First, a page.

Skip to content

The future of working with Trauma housed in the Body Magical Connective Tissue: Fascia, What it is and Why it Matters

The Event

From the top of your head to the tips of your toes, your fascia is a continuous silver-white bodysuit that surrounds, separates, interpenetrates and envelopes all of your organs, including your brain, vagus nerve and every muscle, bone and blood vessel in your body.

It is slick and slippery like a fluid body, a spider web between and surrounding muscles, gliding and sliding across each other gracefully, unrestricted, providing an environment that enables all bodily systems to operate and communicate in an integrated manner.

When emotional stress and trauma take hold, this happy, slick, slippery spider web becomes gluey, forming tree trunks of restriction clamping down on our organs, muscles and nerves.

Fascia has been missing from the historical atlas of psychotherapy and the theory of working with the body in therapy. Something physical that we can put our finger on, more intelligent and interconnected than muscle memory. Therapists know they are missing something, and this is where the fascia has tremendous implications for our work in mental health.

Today both therapists and clients talk about emotional stress and trauma being stuck in the body, that "the body keeps score" and "the body remembers" “the body says No”. However, there isn’t much science to explain exactly where in the body emotions and trauma are manifesting.

People often speak about healing physical body trauma as if it were magical alchemy, constantly seeking a magical intervention, thinking it can be learned in a morning workshop that will quickly make the trauma disappear. But there is no quick fix. There is no magic potion because healing emotional and physical trauma involves many layers of work. It takes time.

Our clients need to be involved in this work and understand how their bodies hold and process emotional stress and trauma. When our clients are involved, they begin to notice what works for them and over time, they can navigate towards safety and make good choices for themselves in the here and now. They will feel it, somatically, in their body.

During the workshop, we will explore:

- Magical Connective Tissue: Fascia, what is it and why it matters

- Issues in the Tissues: How fascia houses Trauma in the Body

- Our most intelligent organ: Interception, Proprioception & Neuroception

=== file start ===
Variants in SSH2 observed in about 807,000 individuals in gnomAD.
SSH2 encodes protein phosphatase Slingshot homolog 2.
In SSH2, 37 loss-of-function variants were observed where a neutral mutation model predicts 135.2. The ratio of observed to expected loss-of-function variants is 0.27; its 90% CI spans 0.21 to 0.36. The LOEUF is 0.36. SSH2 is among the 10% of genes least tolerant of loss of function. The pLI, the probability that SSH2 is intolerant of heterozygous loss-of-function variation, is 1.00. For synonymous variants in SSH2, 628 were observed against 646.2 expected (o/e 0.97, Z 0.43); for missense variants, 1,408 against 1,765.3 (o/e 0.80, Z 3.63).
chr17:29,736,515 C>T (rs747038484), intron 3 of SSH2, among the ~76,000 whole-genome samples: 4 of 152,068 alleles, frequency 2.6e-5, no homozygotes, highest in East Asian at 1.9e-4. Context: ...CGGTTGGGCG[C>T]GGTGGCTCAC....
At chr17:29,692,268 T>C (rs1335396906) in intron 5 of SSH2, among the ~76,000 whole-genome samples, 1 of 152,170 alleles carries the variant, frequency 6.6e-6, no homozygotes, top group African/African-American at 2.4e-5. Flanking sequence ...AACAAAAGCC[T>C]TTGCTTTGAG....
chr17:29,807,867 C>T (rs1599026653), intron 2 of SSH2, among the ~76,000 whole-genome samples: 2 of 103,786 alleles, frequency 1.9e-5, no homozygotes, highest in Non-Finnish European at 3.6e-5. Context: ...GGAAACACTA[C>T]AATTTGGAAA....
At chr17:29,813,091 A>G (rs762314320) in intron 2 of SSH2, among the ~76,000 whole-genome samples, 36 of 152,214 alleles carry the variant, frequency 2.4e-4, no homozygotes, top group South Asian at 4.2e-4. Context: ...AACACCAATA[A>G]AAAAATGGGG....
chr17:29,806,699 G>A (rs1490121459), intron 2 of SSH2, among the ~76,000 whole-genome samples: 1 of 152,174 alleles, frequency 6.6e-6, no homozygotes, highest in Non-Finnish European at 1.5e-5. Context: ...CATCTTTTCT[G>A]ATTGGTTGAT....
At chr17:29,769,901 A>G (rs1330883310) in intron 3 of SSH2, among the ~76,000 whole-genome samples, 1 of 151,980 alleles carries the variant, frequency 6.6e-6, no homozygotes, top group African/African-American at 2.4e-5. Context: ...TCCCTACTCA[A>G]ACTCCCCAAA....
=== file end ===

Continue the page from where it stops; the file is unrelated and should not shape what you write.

- Fascia & The Vagus Nerve

- Fascia & our Organs - Heart and Gut

- Intergenerational Trauma, PTSD & Fascia

- Potential for Growth & Healing: Befriending the body. Learn Trauma-Informed Yoga tools

to work with clients online and in person.

- Practical tools and knowledge to share with clients

Equipment & Experience: No yoga experience is required to attend this workshop, just an interest in the mind-body connection. On the day of the workshop, do wear comfortable clothing and have a space where you can sit on the floor; you’re welcome to bring your yoga mat or blanket. You have a choice to practise movement seated or on the floor; adjustments are always given.

Disclaimer: This workshop is not designed to qualify participants to be trauma-informed teacher, yoga teacher, yoga therapist, mindfulness instructor, Psychotherapist, Counsellor or trauma therapist. Instead, the workshop seeks to provide knowledge and skills to enhance the existing skills of therapists or yoga teachers within their existing scope of practice. Further training and support via supervision or personal therapy is always recommended when integrating new approaches into one’s existing work.

Note: The material in this workshop awakens many sensations, emotions, experiences and thoughts within our own bodies. It is very important that you already have some clinical awareness and knowledge of this subject.

The trainer:

Lorna Evans | Founder The Mind Movement

Psychotherapist & Trauma-Informed Yoga Teacher

Lorna is an Integrative Psychotherapist and Trauma-Informed Yoga Teacher, holding an MSc in Body Awareness & Psychotherapy. Lorna proudly integrates psychotherapy and the body with a focus on Breath & Movement as healing tools for trauma, anxiety and depression.